1.1. A review of probability theory 13

Later on, we will encounter several more scalar distributions of relevance

to random matrix theory, such as the semicircular law or Marcenko-Pastur

law. We will also of course encounter many matrix distributions (also known

as matrix ensembles) as well as point processes.

Given an unsigned random variable X (i.e., a random variable taking

values in [0, +∞]), one can define the expectation or mean EX as the un-

signed integral

(1.8) EX :=

∞

0

x dμX(x),

which by the Fubini-Tonelli theorem (see e.g. [Ta2011, §1.7]) can also be

rewritten as

(1.9) EX =

∞

0

P(X ≥ λ) dλ.

The expectation of an unsigned variable lies in also [0, +∞]. If X is a

scalar random variable (which is allowed to take the value ∞) for which

E|X| ∞, we say that X is absolutely integrable, in which case we can

define its expectation as

(1.10) EX :=

R

x dμX(x)

in the real case, or

(1.11) EX :=

C

z dμX(z)

in the complex case. Similarly, for vector-valued random variables (note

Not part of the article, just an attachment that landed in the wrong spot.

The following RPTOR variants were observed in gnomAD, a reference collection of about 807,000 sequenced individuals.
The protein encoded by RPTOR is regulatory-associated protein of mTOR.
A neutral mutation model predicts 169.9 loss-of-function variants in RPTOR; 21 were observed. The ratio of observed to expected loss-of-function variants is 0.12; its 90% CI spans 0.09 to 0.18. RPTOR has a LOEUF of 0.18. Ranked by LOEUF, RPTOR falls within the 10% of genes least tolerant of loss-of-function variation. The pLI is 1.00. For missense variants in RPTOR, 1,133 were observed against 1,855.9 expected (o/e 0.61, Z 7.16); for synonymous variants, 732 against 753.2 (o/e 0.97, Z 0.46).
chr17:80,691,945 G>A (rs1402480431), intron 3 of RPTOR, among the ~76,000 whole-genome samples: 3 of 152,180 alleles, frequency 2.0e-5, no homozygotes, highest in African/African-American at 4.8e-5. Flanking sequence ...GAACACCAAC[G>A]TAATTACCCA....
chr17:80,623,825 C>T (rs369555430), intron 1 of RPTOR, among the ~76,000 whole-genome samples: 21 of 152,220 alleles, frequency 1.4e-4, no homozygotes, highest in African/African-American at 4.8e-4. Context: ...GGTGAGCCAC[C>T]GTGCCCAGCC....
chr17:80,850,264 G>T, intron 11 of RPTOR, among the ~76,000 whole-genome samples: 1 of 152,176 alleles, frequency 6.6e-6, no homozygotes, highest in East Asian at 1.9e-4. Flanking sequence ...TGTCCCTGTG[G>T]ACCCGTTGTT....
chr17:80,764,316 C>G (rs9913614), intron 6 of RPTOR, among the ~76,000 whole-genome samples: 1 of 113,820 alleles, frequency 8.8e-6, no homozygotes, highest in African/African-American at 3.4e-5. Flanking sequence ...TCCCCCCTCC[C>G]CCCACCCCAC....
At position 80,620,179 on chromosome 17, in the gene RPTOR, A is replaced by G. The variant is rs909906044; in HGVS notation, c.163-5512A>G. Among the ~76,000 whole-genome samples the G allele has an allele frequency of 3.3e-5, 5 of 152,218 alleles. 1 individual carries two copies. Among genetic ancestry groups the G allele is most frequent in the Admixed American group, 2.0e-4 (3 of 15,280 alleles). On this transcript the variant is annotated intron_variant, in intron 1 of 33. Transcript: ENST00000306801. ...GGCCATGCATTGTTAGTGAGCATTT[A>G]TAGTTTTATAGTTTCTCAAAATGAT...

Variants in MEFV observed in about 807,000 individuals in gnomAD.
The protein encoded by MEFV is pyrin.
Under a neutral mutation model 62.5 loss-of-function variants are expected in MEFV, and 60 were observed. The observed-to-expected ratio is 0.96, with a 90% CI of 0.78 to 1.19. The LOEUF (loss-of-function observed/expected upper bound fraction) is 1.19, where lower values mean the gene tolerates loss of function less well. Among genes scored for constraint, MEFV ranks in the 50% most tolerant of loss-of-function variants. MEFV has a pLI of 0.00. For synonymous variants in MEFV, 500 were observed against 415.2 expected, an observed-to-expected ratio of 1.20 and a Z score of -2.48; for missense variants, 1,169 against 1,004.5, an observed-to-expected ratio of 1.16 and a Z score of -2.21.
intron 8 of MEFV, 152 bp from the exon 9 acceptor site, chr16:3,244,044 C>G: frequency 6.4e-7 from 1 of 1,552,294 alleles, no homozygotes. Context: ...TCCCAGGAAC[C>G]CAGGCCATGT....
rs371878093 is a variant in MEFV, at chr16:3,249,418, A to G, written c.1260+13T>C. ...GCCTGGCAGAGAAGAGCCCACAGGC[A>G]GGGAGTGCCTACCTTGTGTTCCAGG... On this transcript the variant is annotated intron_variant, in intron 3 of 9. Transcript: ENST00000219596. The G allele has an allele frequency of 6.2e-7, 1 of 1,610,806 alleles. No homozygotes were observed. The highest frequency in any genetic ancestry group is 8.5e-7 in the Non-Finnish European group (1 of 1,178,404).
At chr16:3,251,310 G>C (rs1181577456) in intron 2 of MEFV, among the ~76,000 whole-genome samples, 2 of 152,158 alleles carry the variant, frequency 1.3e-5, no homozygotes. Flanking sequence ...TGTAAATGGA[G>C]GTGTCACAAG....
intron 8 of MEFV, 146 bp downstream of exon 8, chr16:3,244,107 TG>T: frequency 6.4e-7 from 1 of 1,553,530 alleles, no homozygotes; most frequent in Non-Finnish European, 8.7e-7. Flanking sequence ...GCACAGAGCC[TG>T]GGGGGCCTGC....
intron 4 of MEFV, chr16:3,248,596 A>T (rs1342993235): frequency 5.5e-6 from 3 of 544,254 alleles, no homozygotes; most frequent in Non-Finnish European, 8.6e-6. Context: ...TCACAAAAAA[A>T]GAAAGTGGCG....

that in finite dimensions, all norms are equivalent, so the precise choice of

norm used to define |X| is not relevant here). If X = (X1,...,Xn) is a

vector-valued random variable, then X is absolutely integrable if and only

if the components Xi are all absolutely integrable, in which case one has

EX = (EX1,..., EXn).

Examples 1.1.8. A deterministic scalar random variable c is its own mean.

An indicator function I(E) has mean P(E). An unsigned Bernoulli variable

(as defined previously) has mean p, while a signed or lazy signed Bernoulli

variable has mean 0. A real or complex Gaussian variable with distribution

N(μ,

σ2)

has mean μ. A Poisson random variable has mean λ; a geometric

random variable has mean p. A uniformly distributed variable on an interval

[a, b] ⊂ R has mean

a+b

2

.

A fundamentally important property of expectation is that it is linear: if

X1,...,Xk are absolutely integrable scalar random variables and c1,...,ck

are finite scalars, then c1X1 + · · · + ckXk is also absolutely integrable and

(1.12) Ec1X1 + · · · + ckXk = c1EX1 + · · · + ckEXk.